From The 74: “How One Education Leader’s Newark Nonprofit Became One of the Few Minority-Led Groups to Win a $30 Million Federal Grant to Fight Poverty”
Dominique Lee made headlines as a 25-year-old when he and four other Teach for America alumni took over a failing Newark elementary school and turned it into BRICK Avon Academy, the acronym standing for Building Responsible Intelligent Creative Kids. As was widely reported, a frustrated Lee decided to launch his own school with fellow teachers after seeing ninth-graders at the city’s Malcolm X. Shabazz High School unable to name the seven continents or the state’s governor.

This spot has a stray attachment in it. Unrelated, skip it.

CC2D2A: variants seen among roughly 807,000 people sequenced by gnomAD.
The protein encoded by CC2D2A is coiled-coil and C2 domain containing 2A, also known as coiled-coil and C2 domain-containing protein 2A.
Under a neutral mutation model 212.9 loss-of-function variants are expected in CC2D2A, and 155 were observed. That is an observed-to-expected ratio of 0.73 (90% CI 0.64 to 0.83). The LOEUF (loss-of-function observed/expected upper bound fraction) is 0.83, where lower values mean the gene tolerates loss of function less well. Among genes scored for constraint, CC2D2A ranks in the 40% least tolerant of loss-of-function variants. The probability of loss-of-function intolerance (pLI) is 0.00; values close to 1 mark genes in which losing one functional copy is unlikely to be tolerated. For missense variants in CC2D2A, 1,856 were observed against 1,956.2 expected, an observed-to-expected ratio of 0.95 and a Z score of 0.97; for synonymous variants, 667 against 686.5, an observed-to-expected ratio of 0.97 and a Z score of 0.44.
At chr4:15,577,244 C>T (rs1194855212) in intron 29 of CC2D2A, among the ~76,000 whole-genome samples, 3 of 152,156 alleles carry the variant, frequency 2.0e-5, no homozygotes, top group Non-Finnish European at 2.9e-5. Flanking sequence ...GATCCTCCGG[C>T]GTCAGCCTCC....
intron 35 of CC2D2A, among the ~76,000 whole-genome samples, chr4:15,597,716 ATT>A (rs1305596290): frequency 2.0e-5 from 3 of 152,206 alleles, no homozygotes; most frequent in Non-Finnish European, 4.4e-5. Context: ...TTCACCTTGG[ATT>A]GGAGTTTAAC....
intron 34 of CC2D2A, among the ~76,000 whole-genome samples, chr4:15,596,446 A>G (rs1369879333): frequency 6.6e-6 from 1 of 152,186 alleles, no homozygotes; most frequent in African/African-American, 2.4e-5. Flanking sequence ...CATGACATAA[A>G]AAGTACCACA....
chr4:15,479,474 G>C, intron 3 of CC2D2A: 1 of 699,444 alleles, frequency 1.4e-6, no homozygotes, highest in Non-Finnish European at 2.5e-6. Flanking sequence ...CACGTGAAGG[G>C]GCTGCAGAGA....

Now 33, Lee, and the nonprofit network that began with BRICK Avon and later came to include two other schools and the South Ward Children’s Alliance, are poised to increase their impact and reach. The alliance was one of the few minority-led organizations to receive a competitive $30 million Promise Neighborhood grant from the U.S. Department of Education in 2017.
Newark’s South Ward is the city’s most distressed neighborhood, where “children and families [are] exposed to significant adverse childhood experiences and toxic stress,” according to the BRICK Education Network. Its approach to alleviating that generational disadvantage is to offer a continuum of high-quality schools and wraparound services for children and families from birth through college and career.
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